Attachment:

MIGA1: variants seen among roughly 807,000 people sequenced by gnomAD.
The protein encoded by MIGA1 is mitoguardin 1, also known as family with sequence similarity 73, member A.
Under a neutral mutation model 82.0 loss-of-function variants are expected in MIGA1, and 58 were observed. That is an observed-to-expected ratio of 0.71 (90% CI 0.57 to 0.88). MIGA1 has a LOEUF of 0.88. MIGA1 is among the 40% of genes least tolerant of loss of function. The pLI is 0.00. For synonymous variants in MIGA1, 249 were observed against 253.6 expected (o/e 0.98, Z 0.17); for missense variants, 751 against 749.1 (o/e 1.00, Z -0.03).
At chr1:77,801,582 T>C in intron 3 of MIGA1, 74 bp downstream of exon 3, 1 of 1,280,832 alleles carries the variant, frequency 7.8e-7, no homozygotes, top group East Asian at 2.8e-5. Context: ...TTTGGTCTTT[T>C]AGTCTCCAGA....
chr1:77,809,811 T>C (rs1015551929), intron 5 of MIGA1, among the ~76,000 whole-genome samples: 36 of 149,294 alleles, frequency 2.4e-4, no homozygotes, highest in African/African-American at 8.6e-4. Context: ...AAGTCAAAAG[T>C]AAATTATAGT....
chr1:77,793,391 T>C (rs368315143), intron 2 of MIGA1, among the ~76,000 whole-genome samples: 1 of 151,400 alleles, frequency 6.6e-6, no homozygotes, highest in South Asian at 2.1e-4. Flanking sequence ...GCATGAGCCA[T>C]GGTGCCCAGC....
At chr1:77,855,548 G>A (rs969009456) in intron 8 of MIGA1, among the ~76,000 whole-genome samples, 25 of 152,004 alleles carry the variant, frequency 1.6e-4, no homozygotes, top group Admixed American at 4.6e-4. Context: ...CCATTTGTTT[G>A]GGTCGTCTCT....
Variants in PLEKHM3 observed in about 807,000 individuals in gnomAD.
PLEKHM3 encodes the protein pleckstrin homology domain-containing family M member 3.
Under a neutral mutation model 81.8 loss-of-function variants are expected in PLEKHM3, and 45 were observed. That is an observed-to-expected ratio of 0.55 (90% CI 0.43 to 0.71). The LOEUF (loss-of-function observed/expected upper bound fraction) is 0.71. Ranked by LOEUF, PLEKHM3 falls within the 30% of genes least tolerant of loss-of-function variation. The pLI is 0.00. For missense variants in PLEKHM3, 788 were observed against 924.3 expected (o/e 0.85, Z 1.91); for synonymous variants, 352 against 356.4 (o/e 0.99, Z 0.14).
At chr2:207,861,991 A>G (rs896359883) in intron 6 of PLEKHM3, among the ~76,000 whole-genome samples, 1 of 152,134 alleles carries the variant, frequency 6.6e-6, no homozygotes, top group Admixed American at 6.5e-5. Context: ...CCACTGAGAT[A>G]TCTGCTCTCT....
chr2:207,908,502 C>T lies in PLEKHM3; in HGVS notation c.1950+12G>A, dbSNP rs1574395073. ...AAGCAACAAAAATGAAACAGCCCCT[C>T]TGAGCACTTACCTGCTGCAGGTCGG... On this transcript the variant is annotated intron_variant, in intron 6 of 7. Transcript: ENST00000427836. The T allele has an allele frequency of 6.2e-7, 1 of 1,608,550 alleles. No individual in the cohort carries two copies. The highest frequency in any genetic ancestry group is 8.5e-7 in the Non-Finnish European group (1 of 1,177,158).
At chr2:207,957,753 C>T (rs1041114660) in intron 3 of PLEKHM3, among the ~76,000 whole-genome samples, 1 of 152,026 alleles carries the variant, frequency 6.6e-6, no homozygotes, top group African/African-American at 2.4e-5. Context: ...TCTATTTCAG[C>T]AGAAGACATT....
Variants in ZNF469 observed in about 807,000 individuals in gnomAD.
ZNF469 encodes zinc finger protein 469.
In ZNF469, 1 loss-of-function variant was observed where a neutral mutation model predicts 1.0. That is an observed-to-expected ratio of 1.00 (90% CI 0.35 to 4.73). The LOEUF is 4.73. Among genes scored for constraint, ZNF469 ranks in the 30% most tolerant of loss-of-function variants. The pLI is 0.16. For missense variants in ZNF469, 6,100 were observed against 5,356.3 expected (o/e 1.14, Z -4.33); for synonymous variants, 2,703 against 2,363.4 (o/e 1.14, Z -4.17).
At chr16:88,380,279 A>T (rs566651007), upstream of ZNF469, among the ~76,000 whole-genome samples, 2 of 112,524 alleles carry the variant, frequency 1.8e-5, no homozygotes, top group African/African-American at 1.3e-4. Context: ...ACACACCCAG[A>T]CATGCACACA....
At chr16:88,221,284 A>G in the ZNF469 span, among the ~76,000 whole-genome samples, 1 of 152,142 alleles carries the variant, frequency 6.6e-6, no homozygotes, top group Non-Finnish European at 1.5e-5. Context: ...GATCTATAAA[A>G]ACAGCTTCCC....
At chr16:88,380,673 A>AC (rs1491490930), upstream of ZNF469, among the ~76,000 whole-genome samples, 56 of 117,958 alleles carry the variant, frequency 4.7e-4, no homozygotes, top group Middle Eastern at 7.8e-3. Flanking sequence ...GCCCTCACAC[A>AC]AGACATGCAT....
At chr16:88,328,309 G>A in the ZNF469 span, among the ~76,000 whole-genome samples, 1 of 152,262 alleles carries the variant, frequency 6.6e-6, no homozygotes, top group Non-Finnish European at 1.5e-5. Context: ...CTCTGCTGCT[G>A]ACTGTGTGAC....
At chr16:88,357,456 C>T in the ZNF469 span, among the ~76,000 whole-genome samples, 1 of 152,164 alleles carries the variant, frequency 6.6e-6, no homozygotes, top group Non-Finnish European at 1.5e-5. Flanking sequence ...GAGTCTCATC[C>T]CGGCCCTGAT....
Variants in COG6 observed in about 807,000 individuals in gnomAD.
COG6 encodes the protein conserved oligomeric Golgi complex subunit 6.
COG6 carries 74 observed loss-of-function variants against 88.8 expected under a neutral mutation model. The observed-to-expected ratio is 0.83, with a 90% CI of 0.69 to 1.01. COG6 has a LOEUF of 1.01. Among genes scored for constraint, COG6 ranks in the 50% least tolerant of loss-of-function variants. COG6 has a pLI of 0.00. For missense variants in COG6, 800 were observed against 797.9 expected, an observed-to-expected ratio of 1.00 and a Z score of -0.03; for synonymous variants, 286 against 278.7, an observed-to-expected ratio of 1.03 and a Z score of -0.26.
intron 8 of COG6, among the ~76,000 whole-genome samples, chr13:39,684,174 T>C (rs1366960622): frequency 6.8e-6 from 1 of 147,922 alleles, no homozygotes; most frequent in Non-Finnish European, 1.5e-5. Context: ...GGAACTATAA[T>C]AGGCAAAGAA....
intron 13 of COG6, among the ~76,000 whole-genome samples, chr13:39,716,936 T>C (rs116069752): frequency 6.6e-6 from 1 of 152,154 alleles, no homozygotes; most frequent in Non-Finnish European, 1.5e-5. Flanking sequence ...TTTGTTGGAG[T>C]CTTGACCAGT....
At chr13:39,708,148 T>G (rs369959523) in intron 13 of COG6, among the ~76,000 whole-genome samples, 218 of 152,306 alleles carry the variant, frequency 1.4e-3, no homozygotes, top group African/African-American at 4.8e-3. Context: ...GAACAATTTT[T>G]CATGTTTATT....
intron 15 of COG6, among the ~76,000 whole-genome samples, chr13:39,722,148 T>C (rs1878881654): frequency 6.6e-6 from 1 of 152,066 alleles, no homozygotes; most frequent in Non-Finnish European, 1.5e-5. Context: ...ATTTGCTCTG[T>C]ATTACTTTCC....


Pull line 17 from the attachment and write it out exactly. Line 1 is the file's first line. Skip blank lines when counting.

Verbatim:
At chr16:88,380,279 A>T (rs566651007), upstream of ZNF469, among the ~76,000 whole-genome samples, 2 of 112,524 alleles carry the variant, frequency 1.8e-5, no homozygotes, top group African/African-American at 1.3e-4. Context: ...ACACACCCAG[A>T]CATGCACACA....